(c) The licensee shall submit this plan in conjunction with an environmental report that addresses the expected environmental impacts of the milling operation, decommissioning and tailings reclamation, and evaluates alternatives for mitigating these impacts. The plan must include a signed original of the financial instrument obtained to satisfy the surety arrangement requirements of this criterion (unless a previously submitted and approved financial instrument continues to cover the cost estimate for decommissioning). The surety arrangement must also cover the cost estimate and the payment of the charge for long-term surveillance and control required by Criterion 10 of this section.

(d) To avoid unnecessary duplication and expense, the Commission may accept financial sureties that have been consolidated with financial or surety arrangements established to meet requirements of other Federal or state agencies and/or local governing bodies for decommissioning, decontamination, reclamation, and long-term site surveillance and control, provided such arrangements are considered adequate to satisfy these requirements and that the portion of the surety which covers the decommissioning and reclamation of the mill, mill tailings site and associated areas, and the long-term funding charge is clearly identified and committed for use in accomplishing these activities.

(e) The licensee's surety mechanism will be reviewed annually by the Commission to assure that sufficient funds would be available for completion of the reclamation plan if the work had to be performed by an independent contractor.

(f) The amount of surety liability should be adjusted to recognize any increases or decreases resulting from:

(1) Inflation;

(2) Changes in engineering plans;

(3) Activities performed;

(4) Spills, leakage or migration of radioactive material producing additional residual radioactivity in onsite subsurface material that must be remediated to meet license termination criteria;

(5) Waste inventory increasing above the amount previously estimated;

(6) Waste disposal costs increasing above the amount previously estimated;

(7) Facility modifications;

(8) Changes in authorized possession limits;

(9) Actual remediation costs that exceed the previous cost estimate;

(10) Onsite disposal; and

(11) Any other conditions affecting costs.

(g) Regardless of whether reclamation is phased through the life of the operation or takes place at the end of operations, an appropriate portion of surety liability must be retained until final compliance with the reclamation plan is determined.

(h) The appropriate portion of surety liability retained until final compliance with the reclamation plan is determined will be at least sufficient at all times to cover the costs of decommissioning and reclamation of the areas that are expected to be disturbed before the next license renewal. The term of the surety mechanism must be open ended, unless it can be demonstrated that another arrangement would provide an equivalent level of assurance. This assurance would be provided with a surety instrument which is written for a specified period of time (e.g., 5 years) that which must be automatically renewed unless the surety notifies the beneficiary (the Commission or the State regulatory agency) and the principal (the licensee) with reasonable time (e.g., 90 days) before the renewal date of their intention not to renew. In such a situation the surety requirement still exists and the licensee would be required to submit an acceptable replacement surety within a brief period of time to allow at least 60 days for the regulatory agency to collect.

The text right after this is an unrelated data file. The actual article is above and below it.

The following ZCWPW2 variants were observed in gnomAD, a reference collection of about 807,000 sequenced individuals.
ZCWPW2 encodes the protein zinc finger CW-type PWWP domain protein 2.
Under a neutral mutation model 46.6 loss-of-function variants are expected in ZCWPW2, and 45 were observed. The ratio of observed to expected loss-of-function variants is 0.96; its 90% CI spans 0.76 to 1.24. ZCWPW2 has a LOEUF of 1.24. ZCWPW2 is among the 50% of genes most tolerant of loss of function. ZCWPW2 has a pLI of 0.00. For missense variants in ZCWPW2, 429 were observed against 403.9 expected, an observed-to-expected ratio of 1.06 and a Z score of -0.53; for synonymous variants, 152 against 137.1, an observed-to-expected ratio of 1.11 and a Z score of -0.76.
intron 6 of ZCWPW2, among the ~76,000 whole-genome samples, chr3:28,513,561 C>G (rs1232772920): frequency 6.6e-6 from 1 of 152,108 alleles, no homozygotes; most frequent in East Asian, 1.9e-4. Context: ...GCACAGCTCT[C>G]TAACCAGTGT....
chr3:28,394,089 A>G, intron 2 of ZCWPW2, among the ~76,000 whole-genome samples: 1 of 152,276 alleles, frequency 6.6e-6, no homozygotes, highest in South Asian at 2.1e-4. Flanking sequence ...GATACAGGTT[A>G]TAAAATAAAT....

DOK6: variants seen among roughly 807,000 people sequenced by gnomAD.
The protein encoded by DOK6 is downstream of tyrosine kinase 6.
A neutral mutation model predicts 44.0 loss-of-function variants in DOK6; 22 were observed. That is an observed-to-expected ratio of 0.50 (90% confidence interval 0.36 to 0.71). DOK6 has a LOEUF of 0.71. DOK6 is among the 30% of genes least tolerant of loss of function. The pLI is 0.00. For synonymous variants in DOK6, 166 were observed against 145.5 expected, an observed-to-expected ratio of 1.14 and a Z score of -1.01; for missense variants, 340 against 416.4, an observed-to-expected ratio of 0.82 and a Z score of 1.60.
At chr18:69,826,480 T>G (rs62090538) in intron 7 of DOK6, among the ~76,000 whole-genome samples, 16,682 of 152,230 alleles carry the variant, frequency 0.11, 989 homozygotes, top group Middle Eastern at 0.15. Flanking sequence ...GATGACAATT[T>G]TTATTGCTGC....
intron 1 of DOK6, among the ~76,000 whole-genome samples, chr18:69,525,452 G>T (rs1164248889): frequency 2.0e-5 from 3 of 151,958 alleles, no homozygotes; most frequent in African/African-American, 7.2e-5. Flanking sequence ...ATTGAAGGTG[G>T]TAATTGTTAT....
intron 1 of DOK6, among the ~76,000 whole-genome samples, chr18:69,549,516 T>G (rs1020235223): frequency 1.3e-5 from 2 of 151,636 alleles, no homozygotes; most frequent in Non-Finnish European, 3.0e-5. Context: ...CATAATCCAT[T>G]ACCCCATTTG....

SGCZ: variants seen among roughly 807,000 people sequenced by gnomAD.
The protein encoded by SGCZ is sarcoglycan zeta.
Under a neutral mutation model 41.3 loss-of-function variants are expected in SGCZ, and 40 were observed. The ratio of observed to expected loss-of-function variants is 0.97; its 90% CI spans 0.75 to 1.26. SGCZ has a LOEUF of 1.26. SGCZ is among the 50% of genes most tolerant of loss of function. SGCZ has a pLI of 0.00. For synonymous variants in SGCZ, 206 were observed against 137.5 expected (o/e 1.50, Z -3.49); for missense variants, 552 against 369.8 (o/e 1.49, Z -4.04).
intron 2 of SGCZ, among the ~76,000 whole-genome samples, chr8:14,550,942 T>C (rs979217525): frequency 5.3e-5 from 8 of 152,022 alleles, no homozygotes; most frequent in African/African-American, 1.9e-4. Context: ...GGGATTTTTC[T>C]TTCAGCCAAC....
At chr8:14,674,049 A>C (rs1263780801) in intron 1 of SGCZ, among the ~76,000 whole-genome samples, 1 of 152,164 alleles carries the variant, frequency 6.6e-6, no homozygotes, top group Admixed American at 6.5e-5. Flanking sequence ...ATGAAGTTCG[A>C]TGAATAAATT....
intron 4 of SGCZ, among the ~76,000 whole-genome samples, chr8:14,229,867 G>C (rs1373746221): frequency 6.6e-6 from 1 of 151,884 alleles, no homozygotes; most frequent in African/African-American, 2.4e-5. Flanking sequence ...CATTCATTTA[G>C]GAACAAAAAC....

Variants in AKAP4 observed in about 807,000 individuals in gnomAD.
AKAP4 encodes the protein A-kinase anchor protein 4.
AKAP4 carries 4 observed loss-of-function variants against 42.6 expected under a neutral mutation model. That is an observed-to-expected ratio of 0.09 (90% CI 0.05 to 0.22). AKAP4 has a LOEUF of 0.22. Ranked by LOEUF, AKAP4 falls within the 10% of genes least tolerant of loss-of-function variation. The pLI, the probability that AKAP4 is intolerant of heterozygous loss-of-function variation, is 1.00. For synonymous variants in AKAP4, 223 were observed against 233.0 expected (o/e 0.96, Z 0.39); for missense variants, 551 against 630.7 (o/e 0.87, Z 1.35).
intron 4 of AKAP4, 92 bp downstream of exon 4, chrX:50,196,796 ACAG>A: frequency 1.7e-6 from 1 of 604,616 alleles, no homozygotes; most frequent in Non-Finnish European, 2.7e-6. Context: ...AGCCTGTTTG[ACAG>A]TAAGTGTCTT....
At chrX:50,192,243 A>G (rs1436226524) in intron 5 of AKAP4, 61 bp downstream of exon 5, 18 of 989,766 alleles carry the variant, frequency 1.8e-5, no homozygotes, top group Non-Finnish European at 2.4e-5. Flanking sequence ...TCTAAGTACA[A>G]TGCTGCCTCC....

(i) Proof of forfeiture must not be necessary to collect the surety. In the event that the licensee cannot provide an acceptable replacement surety within the required time, the surety shall be automatically collected before its expiration. The surety instrument must provide for collection of the full face amount immediately on demand without reduction for any reason, except for trustee fees and expenses provided for in a trust agreement, and that the surety will not refuse to make full payment. The conditions described previously would have to be clearly stated on any surety instrument which is not open-ended, and must be agreed to by all parties. Financial surety arrangements generally acceptable to the Commission are:

(1) Trust funds.

(2) Surety bonds.

(3) Irrevocable letters or credit.

(4) Parent company guarantee under appendix A to 10 CFR part 40.